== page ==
Table 1: Expected daily feed intake as a percent of body weight*
Class of horse Roughage Grain Total
Mature, idle 1.5 – 2.0 0 – 0.5 1.5 – 2.0
Working horses** 1.0 – 2.0 0.5 – 1.5 1.5 – 2.5
Mare, late gestation 1.0 – 2.0 0.5 – 1.0 1.5 – 2.5
Mare, lactation 1.0 – 2.0 0.5 – 1.5 2.0 – 3.0
Weanling 1.0 – 1.5 0.5 – 1.5 2.0 – 3.0
Yearling 1.0 – 1.5 0.5 – 1.5 2.0 – 2.5
*Adapted from NRC (1989) Nutrient Requirements of Horses
**Depends on intensity of work.

 

Table 2: Alternative roughage sources that can be used to totally replace or partially replace your horse’s hay/pasture.
Alternative Roughage Can be used for total replacement of hay Can be used for partial replacement of hay Replacement Value* Comments on Roughage Alternative
Amt. needed to replace 1-lb grass hay Amt. needed to replace 1-lb alfalfa hay
Alfalfa hay P P 0.85 lbs 1.0 lb Higher protein and calcium than grass hays, so will feed less.
Grass hay P P 1.0 lb 1.2 lbs Many types of grass hay: timothy, brome, orchardgrass, prairie, etc.
Bermudagrass hay P P 1.0 lb 1.2 lbs Type of grass hay imported from southern U.S.; hay similar nutrition as other grass hays.
Millet hay P P 1.3 lbs 1.6 lbs Usually contains some millet grain; less nutritional value than most grass hays; may have a laxative effect if feed is the only roughage.
Sorghum grass Not recommended Includes Johnsongrass, Sudangrass, and sorghum-Sudan hybrids; may cause neurological problems in horses.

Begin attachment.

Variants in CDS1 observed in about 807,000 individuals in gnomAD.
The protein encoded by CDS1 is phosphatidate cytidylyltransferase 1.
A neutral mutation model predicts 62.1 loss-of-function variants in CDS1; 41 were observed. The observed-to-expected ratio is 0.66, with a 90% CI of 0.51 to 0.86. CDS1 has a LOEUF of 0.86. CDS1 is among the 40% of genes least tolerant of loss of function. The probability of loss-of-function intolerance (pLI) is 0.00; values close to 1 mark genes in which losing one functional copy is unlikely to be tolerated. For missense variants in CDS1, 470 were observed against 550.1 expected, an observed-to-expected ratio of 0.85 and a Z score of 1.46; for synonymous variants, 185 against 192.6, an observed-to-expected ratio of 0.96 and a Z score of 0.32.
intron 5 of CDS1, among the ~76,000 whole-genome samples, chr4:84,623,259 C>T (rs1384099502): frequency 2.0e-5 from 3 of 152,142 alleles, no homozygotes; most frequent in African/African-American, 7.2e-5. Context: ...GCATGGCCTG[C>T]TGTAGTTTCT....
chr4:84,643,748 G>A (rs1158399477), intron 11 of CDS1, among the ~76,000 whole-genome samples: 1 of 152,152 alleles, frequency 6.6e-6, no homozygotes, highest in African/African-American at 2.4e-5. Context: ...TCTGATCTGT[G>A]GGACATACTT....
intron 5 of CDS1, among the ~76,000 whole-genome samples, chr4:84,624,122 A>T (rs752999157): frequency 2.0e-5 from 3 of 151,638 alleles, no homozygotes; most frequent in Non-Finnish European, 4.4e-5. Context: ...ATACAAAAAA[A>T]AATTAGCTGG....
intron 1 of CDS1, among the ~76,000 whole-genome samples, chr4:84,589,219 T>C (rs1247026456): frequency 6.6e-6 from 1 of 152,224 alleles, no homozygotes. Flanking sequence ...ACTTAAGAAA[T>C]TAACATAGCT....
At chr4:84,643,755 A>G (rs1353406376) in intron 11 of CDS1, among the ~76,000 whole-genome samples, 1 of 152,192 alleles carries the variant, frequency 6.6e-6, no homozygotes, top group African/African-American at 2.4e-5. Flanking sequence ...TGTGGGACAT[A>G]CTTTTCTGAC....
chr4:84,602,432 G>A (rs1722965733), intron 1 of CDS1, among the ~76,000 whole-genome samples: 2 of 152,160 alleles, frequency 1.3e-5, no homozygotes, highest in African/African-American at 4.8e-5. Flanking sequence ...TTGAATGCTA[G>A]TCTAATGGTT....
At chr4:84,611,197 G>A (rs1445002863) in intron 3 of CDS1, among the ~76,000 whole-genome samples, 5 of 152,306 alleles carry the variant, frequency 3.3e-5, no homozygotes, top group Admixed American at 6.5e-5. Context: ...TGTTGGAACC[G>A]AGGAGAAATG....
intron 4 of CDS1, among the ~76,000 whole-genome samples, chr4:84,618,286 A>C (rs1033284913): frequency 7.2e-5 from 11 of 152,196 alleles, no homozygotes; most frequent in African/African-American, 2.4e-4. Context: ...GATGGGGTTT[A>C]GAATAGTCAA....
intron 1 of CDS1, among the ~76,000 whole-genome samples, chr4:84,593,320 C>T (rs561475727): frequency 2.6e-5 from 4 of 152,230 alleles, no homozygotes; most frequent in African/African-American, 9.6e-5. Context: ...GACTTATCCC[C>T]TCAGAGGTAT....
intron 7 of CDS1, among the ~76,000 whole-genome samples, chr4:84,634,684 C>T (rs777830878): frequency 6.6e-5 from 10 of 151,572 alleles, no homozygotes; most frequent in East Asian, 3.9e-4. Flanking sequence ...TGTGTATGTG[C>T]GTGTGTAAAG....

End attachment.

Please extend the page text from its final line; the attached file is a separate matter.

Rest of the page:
Alfalfa hay cubes P P 0.85 lbs 1.0 lb Alfalfa that has been chopped and cubed; similar nutrition as alfalfa hay (see above).
Alfalfa/timothy hay cubes P P 0.95 lbs 1.1 lb Combination of alfalfa and timothy forages; less protein and calcium than straight alfalfa, but more than plain timothy.
“dehy” alfalfa pellets P P 0.85 lbs 1.0 lb Pelleted alfalfa hay; similar nutrition as alfalfa (see above).
“Complete” feed P P 0.70 lbs 0.85 lbs Contains a mixture of grains and roughage sources; designed to be fed without hay; should contain at least 15% fiber if no hay is fed.
Haylage P P 1.55 lbs 1.85 lbs Hay preserved by ensiling rather than traditional drying; higher moisture than hay, so will have to feed more; can spoil (mold), so feed contents of bag within two to three days.
Oat hay P P 1.0 lb 1.2 lbs Nutritive value similar to grass hays.
Straw P P 1.25 lbs 1.5 lbs Oat straw more palatable than wheat or barley straw; bulky, high fiber, low in other nutrients; will require protein supplementation.
Beet Pulp   P 0.70 lbs 0.85 lbs Good source highly digestible fiber; relatively high in calcium; may require soaking before feeding; limit to 10 lbs (dry weight) or less.